Dennis Nash (Andrew Garfield) is trying his best to keep the family home together where he lives with his mother Lynn (Laura Dern) and his son Connor (Noah Lomax). But work has been sparse and now they are threatened with foreclosure. After a last attempt at court, Dennis finds the police and bank representative Rick Carver (Michael Shannon) in front of his house, putting him and his family on the street. Dennis is at a complete loss, but by chance he actually finds a job with Rick who doesn’t exactly work above the line in all places and rakes in quite a profit.
99 Homes is a well made film that is quite clear in its criticism of capitalism – which is much appreciated. But it’s also a film that is a little too hopeless for my taste.
Ale (Alejandro Polanco) takes care of himself basically, despite his young age. He is constantly trying to make more money and jumps at any chance. When he is offered a job and a place to stay in Rob’s (Rob Sowulski) chop shop, Ale asks his sister Izzy (Isamar Gonzales) to join him and also finds a job for her. Ale wants to buy an old food truck and run it together with Izzy, which would finally give them some independence and security. But things aren’t that easy.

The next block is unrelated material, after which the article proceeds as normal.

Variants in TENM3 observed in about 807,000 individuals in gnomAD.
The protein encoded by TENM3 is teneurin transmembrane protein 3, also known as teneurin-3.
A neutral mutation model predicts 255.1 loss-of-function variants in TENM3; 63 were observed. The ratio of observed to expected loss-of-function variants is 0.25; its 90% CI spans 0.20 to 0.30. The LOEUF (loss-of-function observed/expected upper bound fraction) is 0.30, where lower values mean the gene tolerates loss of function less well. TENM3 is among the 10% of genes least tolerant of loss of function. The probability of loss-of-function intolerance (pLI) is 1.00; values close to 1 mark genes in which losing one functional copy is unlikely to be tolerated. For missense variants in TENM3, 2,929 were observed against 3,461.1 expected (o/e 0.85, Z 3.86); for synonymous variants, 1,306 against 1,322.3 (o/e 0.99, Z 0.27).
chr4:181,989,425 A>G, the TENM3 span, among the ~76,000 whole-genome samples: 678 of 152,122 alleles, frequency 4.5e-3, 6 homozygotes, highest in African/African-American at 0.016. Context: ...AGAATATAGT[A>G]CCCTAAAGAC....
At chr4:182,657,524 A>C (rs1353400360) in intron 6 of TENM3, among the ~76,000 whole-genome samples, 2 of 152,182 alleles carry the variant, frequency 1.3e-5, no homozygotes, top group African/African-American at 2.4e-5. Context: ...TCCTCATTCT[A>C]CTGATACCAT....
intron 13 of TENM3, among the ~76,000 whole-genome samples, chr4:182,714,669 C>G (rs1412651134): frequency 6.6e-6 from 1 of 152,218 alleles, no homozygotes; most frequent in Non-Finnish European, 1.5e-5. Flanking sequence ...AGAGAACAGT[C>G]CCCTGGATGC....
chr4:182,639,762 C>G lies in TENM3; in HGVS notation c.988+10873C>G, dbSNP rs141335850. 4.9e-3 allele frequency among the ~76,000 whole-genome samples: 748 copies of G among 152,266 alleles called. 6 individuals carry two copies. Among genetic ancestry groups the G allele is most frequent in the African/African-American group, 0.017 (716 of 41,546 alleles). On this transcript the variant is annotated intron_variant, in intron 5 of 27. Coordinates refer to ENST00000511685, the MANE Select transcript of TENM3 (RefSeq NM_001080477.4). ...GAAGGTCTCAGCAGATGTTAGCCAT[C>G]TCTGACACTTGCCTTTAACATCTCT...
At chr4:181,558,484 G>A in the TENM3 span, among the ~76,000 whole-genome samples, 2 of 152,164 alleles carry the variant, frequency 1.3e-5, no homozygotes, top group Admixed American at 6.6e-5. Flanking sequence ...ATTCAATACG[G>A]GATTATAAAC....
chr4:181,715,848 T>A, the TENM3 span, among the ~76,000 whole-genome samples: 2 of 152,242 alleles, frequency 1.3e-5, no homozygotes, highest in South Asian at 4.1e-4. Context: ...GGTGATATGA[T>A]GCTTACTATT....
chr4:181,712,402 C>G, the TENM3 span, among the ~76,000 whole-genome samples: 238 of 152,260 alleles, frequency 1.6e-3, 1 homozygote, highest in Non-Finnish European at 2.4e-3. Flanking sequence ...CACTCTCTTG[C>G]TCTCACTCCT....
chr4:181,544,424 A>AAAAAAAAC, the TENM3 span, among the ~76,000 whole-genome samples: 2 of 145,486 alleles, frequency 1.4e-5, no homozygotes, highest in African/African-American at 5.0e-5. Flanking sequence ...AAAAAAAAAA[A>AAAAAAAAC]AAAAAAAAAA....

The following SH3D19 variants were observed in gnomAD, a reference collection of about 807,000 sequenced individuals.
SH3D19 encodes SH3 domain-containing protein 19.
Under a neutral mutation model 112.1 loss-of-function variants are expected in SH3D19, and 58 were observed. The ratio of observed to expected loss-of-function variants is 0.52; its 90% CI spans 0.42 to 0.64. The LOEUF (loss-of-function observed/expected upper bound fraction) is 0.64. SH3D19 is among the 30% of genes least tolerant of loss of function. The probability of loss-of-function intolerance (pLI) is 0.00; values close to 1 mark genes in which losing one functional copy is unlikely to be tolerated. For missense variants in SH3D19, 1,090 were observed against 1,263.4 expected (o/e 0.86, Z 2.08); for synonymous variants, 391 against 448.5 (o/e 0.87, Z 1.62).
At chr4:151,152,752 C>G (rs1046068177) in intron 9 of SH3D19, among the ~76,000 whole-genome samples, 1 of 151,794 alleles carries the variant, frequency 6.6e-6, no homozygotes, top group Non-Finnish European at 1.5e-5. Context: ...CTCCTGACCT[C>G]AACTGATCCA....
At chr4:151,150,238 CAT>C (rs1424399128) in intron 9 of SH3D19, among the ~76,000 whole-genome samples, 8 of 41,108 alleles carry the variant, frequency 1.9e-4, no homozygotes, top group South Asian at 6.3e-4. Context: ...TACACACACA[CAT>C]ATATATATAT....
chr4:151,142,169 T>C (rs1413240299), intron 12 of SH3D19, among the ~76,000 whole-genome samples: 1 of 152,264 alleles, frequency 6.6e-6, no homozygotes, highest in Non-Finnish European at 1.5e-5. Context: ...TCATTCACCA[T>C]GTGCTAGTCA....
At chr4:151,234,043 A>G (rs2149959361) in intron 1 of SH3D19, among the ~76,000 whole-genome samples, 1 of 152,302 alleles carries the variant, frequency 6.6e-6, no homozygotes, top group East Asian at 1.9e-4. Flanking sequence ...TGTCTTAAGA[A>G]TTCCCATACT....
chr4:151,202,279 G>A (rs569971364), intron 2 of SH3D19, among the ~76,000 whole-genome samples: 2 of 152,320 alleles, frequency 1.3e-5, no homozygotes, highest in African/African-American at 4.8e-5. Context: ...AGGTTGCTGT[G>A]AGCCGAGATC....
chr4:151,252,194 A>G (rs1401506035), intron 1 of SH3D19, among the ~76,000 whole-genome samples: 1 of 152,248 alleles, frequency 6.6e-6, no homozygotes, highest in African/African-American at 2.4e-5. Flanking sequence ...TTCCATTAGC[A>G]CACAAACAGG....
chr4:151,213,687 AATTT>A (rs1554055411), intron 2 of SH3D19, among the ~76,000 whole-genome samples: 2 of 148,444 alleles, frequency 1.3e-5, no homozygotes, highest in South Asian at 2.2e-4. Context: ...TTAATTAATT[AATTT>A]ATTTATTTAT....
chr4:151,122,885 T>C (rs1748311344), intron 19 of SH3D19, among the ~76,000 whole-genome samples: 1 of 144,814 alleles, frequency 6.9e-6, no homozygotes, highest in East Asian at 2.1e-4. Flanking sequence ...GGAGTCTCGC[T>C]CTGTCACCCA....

Chop Shop shows us a side of the US, we don’t get to see very often and it does so with an excellent script, good pacing and a lot of sensitivity. I liked it a lot.